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Local high school students share what World Mental Health Day means to them

Posted at 5:42 PM, Oct 10, 2019
and last updated 2019-10-10 20:48:01-04

OVERLAND PARK, Kan. — Several Blue Valley North High School students participated in World Mental Health Day, sharing what the day means to them.

Since 2013, Oct. 10 has been designated as a day dedicated to raising awareness about mental health.

With suicide as one of the leading causes of death in the U.S., this year's focus was suicide prevention.

Vik Nandigama is a student ambassador for the Zero Reasons Why Teen Council, which works to raise awareness about mental health and help prevent teen suicide. Nandigama said the fact that such a day exists means "we recognize that not everyone is perfect."

"People have things going on at all times, even if it doesn't seem like that when walking through the halls," Nandigama said.

Nandigama said he had his own battle with mental health last year when he missed a month of school due to his grandfather's death, and he had to travel to India.

"It was really overwhelming because you have extracurriculars, and I was running for a state officer position for DECA," Nandigama said.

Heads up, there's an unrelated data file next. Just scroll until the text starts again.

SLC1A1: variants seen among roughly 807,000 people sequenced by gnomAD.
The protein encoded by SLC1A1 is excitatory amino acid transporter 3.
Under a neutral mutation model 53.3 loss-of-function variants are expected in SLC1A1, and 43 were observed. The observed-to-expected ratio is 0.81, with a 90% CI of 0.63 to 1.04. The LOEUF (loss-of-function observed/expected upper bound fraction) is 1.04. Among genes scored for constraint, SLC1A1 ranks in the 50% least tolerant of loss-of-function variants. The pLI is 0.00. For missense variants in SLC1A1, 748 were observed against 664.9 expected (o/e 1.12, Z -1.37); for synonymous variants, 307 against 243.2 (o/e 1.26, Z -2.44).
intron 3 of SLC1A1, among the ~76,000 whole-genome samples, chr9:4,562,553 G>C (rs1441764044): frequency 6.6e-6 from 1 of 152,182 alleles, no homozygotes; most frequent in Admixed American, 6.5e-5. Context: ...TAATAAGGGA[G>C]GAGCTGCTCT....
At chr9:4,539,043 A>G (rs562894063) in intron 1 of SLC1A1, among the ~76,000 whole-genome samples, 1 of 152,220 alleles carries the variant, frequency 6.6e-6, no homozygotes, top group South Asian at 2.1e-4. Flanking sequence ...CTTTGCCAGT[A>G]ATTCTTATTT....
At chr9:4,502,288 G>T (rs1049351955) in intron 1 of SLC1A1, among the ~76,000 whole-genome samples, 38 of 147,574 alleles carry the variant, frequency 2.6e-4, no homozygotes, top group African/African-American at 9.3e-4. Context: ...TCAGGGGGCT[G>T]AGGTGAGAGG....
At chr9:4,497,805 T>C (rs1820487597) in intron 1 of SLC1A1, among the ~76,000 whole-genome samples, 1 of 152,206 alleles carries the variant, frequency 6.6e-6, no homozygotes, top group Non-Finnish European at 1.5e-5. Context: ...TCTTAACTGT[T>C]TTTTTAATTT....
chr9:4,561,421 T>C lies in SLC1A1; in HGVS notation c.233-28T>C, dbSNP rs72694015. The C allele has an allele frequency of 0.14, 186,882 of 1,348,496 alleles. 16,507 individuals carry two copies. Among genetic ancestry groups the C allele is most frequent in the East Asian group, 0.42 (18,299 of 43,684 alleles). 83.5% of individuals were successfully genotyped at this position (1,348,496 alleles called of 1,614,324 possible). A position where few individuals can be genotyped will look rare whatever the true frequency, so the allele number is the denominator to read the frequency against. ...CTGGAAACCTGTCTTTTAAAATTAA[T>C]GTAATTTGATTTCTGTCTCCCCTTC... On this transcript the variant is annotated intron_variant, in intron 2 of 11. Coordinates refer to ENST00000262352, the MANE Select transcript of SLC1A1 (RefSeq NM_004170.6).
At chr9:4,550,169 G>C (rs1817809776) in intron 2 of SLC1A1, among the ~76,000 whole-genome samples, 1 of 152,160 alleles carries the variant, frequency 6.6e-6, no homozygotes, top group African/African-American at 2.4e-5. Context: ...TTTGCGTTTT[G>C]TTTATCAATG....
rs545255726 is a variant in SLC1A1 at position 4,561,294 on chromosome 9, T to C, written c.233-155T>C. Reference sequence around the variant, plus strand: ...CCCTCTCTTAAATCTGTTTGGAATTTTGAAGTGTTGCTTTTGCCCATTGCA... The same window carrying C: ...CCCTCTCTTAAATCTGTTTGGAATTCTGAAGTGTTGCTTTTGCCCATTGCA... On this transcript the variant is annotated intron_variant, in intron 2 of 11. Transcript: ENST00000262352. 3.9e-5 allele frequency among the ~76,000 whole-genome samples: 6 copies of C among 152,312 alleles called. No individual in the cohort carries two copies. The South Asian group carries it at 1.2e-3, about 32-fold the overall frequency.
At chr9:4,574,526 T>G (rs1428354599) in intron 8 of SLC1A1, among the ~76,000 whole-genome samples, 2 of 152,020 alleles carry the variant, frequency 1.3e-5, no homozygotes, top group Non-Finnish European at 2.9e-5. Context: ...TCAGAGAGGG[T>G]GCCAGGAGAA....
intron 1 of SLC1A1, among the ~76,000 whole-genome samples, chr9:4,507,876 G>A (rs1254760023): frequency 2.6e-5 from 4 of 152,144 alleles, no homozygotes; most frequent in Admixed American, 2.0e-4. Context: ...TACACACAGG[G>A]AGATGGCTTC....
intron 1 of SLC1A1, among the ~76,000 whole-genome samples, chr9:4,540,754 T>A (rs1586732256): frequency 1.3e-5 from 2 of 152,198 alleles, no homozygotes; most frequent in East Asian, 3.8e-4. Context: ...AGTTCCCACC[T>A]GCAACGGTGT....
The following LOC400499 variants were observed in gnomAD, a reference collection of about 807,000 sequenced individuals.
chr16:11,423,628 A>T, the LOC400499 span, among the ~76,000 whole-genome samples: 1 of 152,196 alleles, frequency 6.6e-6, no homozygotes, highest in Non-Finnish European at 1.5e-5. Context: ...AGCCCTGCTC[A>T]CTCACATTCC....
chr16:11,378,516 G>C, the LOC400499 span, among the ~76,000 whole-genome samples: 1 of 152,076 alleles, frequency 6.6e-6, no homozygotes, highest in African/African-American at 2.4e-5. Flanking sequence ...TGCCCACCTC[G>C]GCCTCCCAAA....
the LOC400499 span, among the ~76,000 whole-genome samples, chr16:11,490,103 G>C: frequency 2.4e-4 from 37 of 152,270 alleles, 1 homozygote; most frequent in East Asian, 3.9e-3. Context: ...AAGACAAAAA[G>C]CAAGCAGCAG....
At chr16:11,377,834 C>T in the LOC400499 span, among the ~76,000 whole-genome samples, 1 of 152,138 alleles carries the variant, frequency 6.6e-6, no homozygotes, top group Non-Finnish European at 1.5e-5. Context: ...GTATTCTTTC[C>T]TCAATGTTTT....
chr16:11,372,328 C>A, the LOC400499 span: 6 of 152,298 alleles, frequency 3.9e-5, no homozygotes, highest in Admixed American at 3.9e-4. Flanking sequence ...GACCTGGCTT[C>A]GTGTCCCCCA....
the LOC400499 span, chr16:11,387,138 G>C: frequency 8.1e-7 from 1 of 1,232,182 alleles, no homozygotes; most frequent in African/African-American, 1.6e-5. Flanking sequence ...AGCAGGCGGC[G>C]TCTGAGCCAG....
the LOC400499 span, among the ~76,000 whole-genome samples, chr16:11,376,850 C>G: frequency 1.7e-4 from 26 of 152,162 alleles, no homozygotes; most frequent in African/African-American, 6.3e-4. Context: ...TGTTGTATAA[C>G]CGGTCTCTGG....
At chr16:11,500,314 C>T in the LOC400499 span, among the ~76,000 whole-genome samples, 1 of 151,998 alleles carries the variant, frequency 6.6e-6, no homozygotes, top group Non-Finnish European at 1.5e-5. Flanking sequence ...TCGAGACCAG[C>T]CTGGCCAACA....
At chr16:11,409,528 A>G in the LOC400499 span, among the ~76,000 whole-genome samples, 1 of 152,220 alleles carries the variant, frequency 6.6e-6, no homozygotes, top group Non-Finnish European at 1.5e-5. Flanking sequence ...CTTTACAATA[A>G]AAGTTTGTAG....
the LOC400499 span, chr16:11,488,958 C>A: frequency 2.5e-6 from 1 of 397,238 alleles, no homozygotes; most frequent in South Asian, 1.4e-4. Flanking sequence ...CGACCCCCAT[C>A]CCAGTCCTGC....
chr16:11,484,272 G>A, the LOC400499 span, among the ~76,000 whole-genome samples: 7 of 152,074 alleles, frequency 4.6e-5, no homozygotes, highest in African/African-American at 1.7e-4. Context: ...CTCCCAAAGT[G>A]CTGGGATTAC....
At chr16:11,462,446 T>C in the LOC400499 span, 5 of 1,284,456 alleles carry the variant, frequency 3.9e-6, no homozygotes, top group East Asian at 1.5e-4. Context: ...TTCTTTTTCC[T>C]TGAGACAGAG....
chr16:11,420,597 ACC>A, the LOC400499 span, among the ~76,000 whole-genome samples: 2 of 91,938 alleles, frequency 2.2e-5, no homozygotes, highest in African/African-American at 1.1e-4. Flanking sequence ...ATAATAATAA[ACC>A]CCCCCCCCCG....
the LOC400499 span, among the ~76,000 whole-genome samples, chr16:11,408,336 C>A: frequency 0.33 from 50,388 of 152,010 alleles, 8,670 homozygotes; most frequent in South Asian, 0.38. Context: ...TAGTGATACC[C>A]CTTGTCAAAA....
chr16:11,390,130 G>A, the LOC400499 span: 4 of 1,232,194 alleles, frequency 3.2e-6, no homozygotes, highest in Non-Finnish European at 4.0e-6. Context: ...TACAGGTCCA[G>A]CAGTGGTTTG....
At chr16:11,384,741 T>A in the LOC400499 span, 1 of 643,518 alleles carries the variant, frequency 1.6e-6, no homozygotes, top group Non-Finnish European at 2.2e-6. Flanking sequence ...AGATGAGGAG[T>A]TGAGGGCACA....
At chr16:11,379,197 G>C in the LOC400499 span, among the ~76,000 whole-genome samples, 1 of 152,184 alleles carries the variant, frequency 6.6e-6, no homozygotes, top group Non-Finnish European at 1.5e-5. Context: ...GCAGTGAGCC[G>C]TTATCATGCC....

He said getting involved with Zero Reasons Why helped him through it.

Caleb Nelson, Teen Council ambassador and Blue Valley North High School student, said he hopes to help prevent suicide by opening up the conversation on mental health.

"We're all going through the same stuff," Nelson said. "You're not alone in your struggles."

Nelson's passion for mental health stems from the loss of a friend to suicide. During his freshman year, Nelson looked up to upperclassman Chad Harrell. Nelson said Harrell's death had a lasting effect on many people, himself included.

"I want to do something, and I want to make sure that others are also doing something," Nelson said.

Suicide was the 10th leading cause of death in the U.S. in 2017, according to the Centers for Disease Control and Prevention. It also is the third leading cause of death for people ages 10 to 24.

Nelson said he hopes people take away at least one lesson from today's message.

"It's OK to have that conversation about mental health," he said.

If you or someone you know is experiencing suicidal thoughts, there is help.

The National Suicide Prevention Lifeline is 1-800-273-8255. You also can chat with someone online at